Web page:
Annapurna Conservation Area

Annapurna Conservation Area Project (ACAP) has been running it's programs in the area with an aim to conserve nature and it's local community.

This region offers innumerable sights of water falls, mountains, natural flowers and rural settlements. If you trek from the west you will be travelling along the Kali Gandaki River. Apart from natural sights, the area is rich with flora and fauna. There are above 1200 plants with around 40 orchids and 9 species of rhododendron - the national flower. Around 100 mammals are here indigeous including the rare snow leopard and blue sheep in the upper sub-alpine area, 478 species of birds such as the protected multi-coloured Impheyan, koklas and blood pheasants. 39 reptiles and 22 amphibians and many types of butterflies live in the area.


Reaching beyond the Himalayas, on foot or by flight, this is one of the most fascinating expereince while trekking in the Annapurna Circuit. Here you can see the above 8000 m mountains like Dhaulagiri standing right infront of you.
If you start from Pokhara, Ghandruk will be your first expereince where you will see the locals have conserved ecology and at the same time have earned their livelihood through tourism. From Poon Hill above Ghorepani you can have a panoramic view of the Annapurna ranges to the north. In Tatopani there are natural hot water springs, that offer an excellent place to relax and bathe.

Annapurna region has around 120000 human population from 10 different ethnic cast groups. For more nature and cultural sightseeing go towards the north at Kagbeni, where you can continue onto explore the Upper Mustang - the once forbidden Kingdom. Or trek towards the Muktinath Temple, the Hindu pilgrimage at the height of almost 4000 m. Further ahead is the Thorung La Pass at an altitude of 5410 m. If you want to climb over the pass it is better to do it from the east side, going around.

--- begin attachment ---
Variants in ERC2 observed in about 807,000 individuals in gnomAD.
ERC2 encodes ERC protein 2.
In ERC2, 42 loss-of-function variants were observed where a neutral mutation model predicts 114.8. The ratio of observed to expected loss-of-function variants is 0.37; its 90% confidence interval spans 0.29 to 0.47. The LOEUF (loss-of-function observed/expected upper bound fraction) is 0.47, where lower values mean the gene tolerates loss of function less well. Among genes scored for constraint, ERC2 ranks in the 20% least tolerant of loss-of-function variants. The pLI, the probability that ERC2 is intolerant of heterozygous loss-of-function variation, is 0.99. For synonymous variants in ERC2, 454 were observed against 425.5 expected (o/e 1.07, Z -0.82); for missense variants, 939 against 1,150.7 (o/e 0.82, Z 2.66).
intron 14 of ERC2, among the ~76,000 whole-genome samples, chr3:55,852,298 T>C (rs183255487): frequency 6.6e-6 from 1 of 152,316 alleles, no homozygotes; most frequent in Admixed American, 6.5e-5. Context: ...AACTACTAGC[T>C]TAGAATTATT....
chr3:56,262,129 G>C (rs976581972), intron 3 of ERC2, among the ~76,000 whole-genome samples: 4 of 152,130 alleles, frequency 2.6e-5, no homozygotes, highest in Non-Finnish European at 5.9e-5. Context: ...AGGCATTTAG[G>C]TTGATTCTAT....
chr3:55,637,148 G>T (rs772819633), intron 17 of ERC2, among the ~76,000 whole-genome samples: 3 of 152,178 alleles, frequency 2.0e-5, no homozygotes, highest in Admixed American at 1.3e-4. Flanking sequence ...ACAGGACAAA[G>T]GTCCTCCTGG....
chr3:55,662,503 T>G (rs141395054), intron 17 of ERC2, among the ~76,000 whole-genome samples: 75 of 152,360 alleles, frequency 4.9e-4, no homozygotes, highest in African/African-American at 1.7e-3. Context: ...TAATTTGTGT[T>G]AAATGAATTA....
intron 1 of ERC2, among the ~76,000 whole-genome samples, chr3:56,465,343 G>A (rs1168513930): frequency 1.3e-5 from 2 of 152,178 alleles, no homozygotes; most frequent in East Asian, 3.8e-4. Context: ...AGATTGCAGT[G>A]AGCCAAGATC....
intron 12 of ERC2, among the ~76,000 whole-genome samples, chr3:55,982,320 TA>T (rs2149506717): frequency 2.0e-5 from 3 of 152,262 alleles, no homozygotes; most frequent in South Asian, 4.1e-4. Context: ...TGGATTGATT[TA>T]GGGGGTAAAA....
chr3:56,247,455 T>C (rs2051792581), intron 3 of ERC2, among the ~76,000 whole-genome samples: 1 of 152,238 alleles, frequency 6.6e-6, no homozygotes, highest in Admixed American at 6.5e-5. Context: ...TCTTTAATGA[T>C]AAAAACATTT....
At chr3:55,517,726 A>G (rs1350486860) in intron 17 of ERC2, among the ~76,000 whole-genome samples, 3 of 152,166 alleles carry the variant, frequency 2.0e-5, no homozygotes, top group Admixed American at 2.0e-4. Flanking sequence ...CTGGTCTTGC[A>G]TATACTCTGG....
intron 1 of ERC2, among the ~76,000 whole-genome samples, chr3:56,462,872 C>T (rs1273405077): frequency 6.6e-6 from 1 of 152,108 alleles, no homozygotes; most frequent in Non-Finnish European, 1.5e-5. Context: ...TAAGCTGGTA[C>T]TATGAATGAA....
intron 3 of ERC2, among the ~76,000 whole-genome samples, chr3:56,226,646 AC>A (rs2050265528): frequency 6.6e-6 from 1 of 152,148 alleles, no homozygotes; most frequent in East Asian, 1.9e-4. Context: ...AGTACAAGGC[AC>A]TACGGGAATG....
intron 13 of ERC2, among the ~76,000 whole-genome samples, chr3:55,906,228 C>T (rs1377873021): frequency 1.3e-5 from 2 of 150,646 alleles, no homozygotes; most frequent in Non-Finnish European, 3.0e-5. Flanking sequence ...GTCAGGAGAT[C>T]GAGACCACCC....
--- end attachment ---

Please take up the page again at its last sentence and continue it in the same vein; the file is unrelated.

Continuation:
Best season for trekking is autumn from october to december and spring from fabruary to may. The region near Pokhara has almost double rainfall like Kathmandu. But in the mountains it has less rain, especially north of the range of Annapurna and Dhaulagiri. In this area its very dry during the whole year.

Getting there

The Area is easily accessed from Pokhara. A three hour bus drive to Beni in the west and start trekking into the area, or a one hour bus drive to Besi Sahar in the east to start the Annapurna Circuit trek. A one hour bus drive to Naya Pul (Birethanti) to start the trek to Annapurna Base Camp or Jomsom, or fly to Jomsom from Pokhara and trek back down.

Entry fees

Trekking permit per person per entry.

  • Upper Mustang Restricted Area Permit for all foreigners: US $500 per person for the first 10 days and US $50 per person per day thereafter.
  • You need also a permit for the Annapurna Conservation Area